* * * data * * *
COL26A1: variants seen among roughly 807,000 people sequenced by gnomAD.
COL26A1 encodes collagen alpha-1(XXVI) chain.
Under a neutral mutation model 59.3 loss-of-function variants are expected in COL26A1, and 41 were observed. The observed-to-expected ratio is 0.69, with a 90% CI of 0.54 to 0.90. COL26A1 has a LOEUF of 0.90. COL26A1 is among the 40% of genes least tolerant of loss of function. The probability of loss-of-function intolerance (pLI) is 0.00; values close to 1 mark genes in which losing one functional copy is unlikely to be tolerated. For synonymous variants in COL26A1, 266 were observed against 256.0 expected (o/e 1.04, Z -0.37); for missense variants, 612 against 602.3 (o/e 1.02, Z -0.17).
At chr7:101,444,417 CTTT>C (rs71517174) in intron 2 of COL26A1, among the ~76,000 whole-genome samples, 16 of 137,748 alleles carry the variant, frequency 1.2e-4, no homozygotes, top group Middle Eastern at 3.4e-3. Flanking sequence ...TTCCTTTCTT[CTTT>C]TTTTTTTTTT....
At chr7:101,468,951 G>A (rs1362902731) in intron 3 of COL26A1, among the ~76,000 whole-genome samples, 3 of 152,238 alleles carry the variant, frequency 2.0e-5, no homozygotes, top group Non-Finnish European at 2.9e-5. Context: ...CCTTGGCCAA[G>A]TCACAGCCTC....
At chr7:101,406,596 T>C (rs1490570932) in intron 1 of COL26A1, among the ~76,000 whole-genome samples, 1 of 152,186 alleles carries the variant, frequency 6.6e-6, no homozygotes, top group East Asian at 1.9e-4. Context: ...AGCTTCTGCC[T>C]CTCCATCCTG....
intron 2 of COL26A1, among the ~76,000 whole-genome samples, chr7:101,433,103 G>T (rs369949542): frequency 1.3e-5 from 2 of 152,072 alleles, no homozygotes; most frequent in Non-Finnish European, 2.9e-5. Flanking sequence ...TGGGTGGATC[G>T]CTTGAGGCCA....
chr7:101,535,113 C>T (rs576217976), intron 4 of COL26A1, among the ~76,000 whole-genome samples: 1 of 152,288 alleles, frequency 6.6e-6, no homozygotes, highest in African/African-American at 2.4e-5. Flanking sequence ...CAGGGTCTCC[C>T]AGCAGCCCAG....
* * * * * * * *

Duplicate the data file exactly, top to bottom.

COL26A1: variants seen among roughly 807,000 people sequenced by gnomAD.
COL26A1 encodes collagen alpha-1(XXVI) chain.
Under a neutral mutation model 59.3 loss-of-function variants are expected in COL26A1, and 41 were observed. The observed-to-expected ratio is 0.69, with a 90% CI of 0.54 to 0.90. COL26A1 has a LOEUF of 0.90. COL26A1 is among the 40% of genes least tolerant of loss of function. The probability of loss-of-function intolerance (pLI) is 0.00; values close to 1 mark genes in which losing one functional copy is unlikely to be tolerated. For synonymous variants in COL26A1, 266 were observed against 256.0 expected (o/e 1.04, Z -0.37); for missense variants, 612 against 602.3 (o/e 1.02, Z -0.17).
At chr7:101,444,417 CTTT>C (rs71517174) in intron 2 of COL26A1, among the ~76,000 whole-genome samples, 16 of 137,748 alleles carry the variant, frequency 1.2e-4, no homozygotes, top group Middle Eastern at 3.4e-3. Flanking sequence ...TTCCTTTCTT[CTTT>C]TTTTTTTTTT....
At chr7:101,468,951 G>A (rs1362902731) in intron 3 of COL26A1, among the ~76,000 whole-genome samples, 3 of 152,238 alleles carry the variant, frequency 2.0e-5, no homozygotes, top group Non-Finnish European at 2.9e-5. Context: ...CCTTGGCCAA[G>A]TCACAGCCTC....
At chr7:101,406,596 T>C (rs1490570932) in intron 1 of COL26A1, among the ~76,000 whole-genome samples, 1 of 152,186 alleles carries the variant, frequency 6.6e-6, no homozygotes, top group East Asian at 1.9e-4. Context: ...AGCTTCTGCC[T>C]CTCCATCCTG....
intron 2 of COL26A1, among the ~76,000 whole-genome samples, chr7:101,433,103 G>T (rs369949542): frequency 1.3e-5 from 2 of 152,072 alleles, no homozygotes; most frequent in Non-Finnish European, 2.9e-5. Flanking sequence ...TGGGTGGATC[G>T]CTTGAGGCCA....
chr7:101,535,113 C>T (rs576217976), intron 4 of COL26A1, among the ~76,000 whole-genome samples: 1 of 152,288 alleles, frequency 6.6e-6, no homozygotes, highest in African/African-American at 2.4e-5. Flanking sequence ...CAGGGTCTCC[C>T]AGCAGCCCAG....